Do the SQL standards define functions with side-effects?

For example, do they have functions for writing into files* or to update values in certain columns of a table when you do something like

SELECT myfunction(params...);

I've seen these sometimes, but I am just curious if the SQL standards do the same.

* This is not a question about PostgreSQL specifically. I'm only using the side-effects examples I see in PostgreSQL.

  • Functions are very different in different platforms, but yes, there are fairly standard (i.e. Oracle-provided) add-on functions in Oracle for example, for sending email. And there are nondeterministic functions in SQL Server like NEWID and RAND, and functions in SQL Server can called extended procedures too.
    – Cade Roux
    Feb 21, 2017 at 0:00
  • 3
    If the question is "does the SQL standard include functions that have side effects" I think the answer is no. If the question is "does the SQL standard allow functions to be written that have side effects" then I think the answer is yes.
    – user1822
    Feb 21, 2017 at 12:47
  • @a_horse_with_no_name, Thanks. My question was the former, about style and convention.
    – tinlyx
    Feb 21, 2017 at 15:08

2 Answers 2


You have a few different questions in here.

Q: What are ANSI standard SQL functions?

ANSI standard functions are things like AVG, COUNT, MIN, MAX. They're covered in the 1992 ANSI standard, but that's one heck of a dry, boring read.

Q: Do ANSI standard SQL functions change data in the database?

No. You can use them to change data - for example, I can say:

INSERT INTO dbo.MyReport SELECT MAX(SalespersonRevenue) FROM dbo.Sales

But by themselves, just the use of a AVG, COUNT, MIN, MAX, etc shouldn't change data permanently inside your database.

Q: Does the ANSI standard allow me to write my own functions?

Yes, but the exact implementation varies from vendor to vendor. The functions you write may conform to the ANSI language standard, but what you do inside your function can be horrifically awful, like creating side effects.

  • When discussing intended behavior, it's possible to get a cross-platform answer.
  • When discussing side effects, it is not.

Q: Can I create my own function to write data?

Why sure, if you're creative. I'm a Microsoft SQL Server guy, so I'm going to focus on that platform. Books Online's function page says:

User-defined functions cannot be used to perform actions that modify the database state.

To which I say:

You're not my real dad.

So here's how I'd break the rules. Warning: very bad ideas follow.

  • In your function, query a new table specially created for this evil purpose, and then create something that watches the table for select statements, and then fires an action (Extended Events, auditing, or a Profiler trace). You can hook together a Rube Goldberg sort of contraption to perform work based on those select statements.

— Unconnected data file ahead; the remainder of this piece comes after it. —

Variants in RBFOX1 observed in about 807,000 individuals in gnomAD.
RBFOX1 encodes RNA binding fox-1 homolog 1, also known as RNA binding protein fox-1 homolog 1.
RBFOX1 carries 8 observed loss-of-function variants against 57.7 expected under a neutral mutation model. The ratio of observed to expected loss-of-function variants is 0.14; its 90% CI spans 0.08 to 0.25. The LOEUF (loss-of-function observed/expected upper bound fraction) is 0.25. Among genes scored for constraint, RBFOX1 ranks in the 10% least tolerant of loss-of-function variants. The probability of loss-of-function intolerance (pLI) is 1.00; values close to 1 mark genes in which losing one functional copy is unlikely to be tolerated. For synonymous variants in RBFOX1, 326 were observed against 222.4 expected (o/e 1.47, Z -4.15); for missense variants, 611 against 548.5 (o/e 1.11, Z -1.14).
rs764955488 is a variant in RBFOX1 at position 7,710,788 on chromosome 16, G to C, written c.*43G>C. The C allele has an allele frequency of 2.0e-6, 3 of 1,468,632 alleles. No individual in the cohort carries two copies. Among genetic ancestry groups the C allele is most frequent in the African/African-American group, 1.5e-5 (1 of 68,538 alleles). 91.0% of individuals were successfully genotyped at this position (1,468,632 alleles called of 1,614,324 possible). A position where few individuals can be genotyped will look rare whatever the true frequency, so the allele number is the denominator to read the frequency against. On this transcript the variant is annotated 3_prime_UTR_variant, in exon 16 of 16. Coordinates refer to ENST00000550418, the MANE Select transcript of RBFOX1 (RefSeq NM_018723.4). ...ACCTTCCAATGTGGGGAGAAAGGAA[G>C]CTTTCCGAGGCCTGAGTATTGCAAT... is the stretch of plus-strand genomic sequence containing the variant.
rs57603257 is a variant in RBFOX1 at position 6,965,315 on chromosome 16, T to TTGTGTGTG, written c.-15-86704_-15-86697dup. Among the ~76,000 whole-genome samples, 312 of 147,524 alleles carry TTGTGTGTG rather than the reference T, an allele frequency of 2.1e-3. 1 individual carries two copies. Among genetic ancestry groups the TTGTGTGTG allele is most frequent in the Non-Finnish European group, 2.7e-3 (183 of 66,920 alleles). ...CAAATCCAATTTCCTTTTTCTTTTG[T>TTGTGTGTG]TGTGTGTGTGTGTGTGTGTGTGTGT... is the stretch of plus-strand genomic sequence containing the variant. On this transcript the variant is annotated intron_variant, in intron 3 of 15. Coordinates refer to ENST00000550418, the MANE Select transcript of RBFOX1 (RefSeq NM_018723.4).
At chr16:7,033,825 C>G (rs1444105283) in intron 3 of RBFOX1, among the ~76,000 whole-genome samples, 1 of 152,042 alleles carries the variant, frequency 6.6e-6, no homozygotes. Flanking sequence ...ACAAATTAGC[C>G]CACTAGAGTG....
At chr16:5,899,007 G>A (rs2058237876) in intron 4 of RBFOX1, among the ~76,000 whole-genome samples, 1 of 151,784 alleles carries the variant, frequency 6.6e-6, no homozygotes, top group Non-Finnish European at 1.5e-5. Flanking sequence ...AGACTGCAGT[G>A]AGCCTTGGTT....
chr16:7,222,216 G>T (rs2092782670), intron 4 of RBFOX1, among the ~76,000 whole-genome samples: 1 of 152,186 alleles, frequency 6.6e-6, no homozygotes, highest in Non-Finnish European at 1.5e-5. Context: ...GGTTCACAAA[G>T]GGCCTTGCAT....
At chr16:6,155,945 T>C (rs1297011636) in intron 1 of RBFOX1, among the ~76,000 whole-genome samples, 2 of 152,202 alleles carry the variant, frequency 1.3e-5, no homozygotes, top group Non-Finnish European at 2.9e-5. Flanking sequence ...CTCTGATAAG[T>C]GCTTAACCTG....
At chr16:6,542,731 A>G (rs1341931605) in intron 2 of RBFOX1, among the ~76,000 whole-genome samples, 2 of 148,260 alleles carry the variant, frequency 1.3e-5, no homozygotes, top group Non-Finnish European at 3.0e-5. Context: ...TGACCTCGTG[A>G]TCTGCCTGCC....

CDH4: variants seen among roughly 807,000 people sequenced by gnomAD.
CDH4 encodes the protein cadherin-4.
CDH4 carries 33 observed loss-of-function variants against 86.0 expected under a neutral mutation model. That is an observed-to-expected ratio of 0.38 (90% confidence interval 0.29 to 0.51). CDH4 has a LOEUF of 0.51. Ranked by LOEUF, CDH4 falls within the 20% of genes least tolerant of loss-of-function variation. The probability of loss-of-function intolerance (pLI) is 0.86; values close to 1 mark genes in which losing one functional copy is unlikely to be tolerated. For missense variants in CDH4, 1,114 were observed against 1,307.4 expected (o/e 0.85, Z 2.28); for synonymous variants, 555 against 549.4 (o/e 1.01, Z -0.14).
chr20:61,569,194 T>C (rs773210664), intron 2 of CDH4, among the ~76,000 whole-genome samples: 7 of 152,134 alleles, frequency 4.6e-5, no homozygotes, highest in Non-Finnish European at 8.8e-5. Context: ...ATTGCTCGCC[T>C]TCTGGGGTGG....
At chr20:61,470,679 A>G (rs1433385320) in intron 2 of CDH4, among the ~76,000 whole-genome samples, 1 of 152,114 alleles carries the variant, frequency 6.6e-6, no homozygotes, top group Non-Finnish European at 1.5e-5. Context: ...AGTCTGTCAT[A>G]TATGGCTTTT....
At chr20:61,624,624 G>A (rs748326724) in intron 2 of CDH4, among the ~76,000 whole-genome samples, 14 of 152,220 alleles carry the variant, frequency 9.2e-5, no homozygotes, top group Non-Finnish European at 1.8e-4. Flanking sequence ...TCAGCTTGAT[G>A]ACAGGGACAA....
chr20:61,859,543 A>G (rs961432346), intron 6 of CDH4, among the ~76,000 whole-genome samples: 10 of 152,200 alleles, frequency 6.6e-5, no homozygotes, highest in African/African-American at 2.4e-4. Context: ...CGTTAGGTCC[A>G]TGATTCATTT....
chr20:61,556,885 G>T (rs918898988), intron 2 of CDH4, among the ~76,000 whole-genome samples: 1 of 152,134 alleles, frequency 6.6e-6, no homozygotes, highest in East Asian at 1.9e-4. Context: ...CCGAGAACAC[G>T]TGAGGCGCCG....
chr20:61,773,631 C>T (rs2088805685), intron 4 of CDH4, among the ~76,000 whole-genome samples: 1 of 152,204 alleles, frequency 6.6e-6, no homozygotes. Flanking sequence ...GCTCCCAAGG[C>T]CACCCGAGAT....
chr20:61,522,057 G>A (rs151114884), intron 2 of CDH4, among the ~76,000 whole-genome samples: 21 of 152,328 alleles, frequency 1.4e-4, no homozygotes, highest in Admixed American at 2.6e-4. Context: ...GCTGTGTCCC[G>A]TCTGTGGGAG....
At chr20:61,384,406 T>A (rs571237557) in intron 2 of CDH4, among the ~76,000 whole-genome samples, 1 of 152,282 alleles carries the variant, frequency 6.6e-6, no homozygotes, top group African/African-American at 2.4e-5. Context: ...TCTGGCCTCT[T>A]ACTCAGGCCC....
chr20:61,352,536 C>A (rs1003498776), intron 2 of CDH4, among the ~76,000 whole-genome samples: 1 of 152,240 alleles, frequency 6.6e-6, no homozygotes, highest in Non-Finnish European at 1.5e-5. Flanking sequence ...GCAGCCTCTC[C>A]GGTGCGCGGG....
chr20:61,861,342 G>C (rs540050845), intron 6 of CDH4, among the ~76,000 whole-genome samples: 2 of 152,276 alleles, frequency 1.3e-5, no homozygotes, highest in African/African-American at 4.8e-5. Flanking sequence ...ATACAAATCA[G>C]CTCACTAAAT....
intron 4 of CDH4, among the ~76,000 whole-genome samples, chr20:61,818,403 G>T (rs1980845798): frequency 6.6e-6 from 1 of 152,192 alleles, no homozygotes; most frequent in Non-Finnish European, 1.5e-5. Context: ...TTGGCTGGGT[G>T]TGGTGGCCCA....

• In the function, call CLR code - heck, you can even call a web service. That web service could very well push data back into your own database.
  • In the function, call xp_cmdshell and do something through the command prompt. (HT @AaronBertrand in the comments.)

All of these examples have huge drawbacks in the form of performance and transactional consistency. You just asked if it could theoretically be done, and the answer there is yes. I wouldn't ever use either of those in my own code - I'd step back and ask, "What's the business goal I'm trying to achieve here, and is there a way I can do it to achieve performance and transactional consistency?" If you'd like specific advice on those, I'd ask a separate Stack question with specifics.


I can only speak definitively regarding SQL Server, and it appears this is not consistent across all database implementations. But in SQL Server, functions may not produce side effects. This is a hard and fast rule I've tried to circumvent a number of times with no success.

If you are thinking about functions in the general sense, there are SQL modules that allow side effects (for example stored procedures) but user-defined functions do not.

There is a saying "Clever Solutions Don't Scale" which is especially true with Microsoft products. I've seen a number of clever workarounds in early versions of SQL Server that became obsolete in later versions, because MS added them as true features.

The ones that never became features, honestly, never became features because they fundamentally broke some aspect of T-SQL development. Side effects in functions is one of them.

  • Comments are not for extended discussion; this conversation has been moved to chat.
    – Paul White
    Mar 11, 2017 at 1:33

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